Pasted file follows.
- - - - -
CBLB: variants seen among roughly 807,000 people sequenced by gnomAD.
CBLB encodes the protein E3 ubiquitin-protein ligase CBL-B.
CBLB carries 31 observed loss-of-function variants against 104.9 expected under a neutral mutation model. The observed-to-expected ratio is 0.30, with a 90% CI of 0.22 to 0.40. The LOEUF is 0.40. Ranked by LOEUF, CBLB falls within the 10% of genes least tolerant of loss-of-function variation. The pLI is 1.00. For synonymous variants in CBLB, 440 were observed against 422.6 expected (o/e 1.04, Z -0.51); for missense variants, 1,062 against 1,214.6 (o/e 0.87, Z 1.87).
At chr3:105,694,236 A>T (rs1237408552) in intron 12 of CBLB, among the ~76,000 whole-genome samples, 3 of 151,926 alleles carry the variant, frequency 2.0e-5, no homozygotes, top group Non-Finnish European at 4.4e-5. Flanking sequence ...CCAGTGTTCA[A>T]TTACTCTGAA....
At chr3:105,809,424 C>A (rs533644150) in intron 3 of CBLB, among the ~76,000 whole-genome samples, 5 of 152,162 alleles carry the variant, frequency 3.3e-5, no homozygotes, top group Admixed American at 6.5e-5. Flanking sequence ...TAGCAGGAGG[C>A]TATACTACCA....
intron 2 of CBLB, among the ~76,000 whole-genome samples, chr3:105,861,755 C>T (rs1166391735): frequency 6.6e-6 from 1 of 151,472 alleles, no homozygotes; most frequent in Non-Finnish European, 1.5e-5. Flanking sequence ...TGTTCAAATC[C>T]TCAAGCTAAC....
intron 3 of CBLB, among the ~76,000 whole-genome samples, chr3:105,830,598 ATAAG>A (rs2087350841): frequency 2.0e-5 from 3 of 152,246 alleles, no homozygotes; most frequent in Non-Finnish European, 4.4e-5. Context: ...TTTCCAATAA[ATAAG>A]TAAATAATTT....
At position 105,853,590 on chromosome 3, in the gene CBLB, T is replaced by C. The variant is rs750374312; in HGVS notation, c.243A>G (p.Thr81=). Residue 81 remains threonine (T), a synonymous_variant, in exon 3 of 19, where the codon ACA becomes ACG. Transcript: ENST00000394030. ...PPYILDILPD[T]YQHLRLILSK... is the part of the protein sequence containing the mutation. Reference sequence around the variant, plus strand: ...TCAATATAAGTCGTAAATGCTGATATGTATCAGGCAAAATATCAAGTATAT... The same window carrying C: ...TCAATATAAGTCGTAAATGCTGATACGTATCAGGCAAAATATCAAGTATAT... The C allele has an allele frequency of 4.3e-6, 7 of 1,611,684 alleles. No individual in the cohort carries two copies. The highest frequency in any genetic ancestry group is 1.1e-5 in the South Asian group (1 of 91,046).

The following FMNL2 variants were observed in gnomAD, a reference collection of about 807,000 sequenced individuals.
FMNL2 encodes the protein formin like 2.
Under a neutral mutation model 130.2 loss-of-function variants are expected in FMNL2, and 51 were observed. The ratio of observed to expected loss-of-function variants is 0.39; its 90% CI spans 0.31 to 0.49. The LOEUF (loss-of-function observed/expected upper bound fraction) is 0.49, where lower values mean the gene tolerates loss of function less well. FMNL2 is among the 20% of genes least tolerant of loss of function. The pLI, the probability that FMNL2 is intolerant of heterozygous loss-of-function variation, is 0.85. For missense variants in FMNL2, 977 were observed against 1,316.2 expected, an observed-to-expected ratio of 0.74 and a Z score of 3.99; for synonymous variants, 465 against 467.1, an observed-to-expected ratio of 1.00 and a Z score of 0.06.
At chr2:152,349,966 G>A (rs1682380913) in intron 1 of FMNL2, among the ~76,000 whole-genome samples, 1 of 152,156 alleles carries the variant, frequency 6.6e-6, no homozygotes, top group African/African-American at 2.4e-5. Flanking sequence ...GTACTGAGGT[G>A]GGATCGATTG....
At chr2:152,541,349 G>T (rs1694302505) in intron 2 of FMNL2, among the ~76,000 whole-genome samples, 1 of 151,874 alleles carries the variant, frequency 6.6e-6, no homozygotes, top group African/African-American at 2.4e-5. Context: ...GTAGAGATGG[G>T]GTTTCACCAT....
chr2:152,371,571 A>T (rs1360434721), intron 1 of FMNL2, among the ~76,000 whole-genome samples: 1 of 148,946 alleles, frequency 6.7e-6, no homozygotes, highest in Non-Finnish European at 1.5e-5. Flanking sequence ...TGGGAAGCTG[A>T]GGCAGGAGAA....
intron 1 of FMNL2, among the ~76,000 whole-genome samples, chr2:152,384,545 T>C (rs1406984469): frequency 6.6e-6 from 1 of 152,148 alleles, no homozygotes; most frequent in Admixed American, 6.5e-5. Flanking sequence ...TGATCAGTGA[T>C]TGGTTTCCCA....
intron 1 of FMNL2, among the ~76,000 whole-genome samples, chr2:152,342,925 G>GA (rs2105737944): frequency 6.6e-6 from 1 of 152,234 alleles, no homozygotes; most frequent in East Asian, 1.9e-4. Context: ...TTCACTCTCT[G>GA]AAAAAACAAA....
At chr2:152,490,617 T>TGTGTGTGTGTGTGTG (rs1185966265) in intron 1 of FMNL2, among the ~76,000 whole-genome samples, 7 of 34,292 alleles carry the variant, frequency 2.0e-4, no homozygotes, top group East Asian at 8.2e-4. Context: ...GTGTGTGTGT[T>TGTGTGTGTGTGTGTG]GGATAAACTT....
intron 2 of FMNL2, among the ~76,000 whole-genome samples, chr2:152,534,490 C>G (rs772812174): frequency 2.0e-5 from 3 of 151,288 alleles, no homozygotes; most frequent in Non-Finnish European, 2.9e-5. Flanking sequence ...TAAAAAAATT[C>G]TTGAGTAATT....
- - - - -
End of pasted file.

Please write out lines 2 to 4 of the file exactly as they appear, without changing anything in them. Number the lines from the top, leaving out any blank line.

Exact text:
CBLB encodes the protein E3 ubiquitin-protein ligase CBL-B.
CBLB carries 31 observed loss-of-function variants against 104.9 expected under a neutral mutation model. The observed-to-expected ratio is 0.30, with a 90% CI of 0.22 to 0.40. The LOEUF is 0.40. Ranked by LOEUF, CBLB falls within the 10% of genes least tolerant of loss-of-function variation. The pLI is 1.00. For synonymous variants in CBLB, 440 were observed against 422.6 expected (o/e 1.04, Z -0.51); for missense variants, 1,062 against 1,214.6 (o/e 0.87, Z 1.87).
At chr3:105,694,236 A>T (rs1237408552) in intron 12 of CBLB, among the ~76,000 whole-genome samples, 3 of 151,926 alleles carry the variant, frequency 2.0e-5, no homozygotes, top group Non-Finnish European at 4.4e-5. Flanking sequence ...CCAGTGTTCA[A>T]TTACTCTGAA....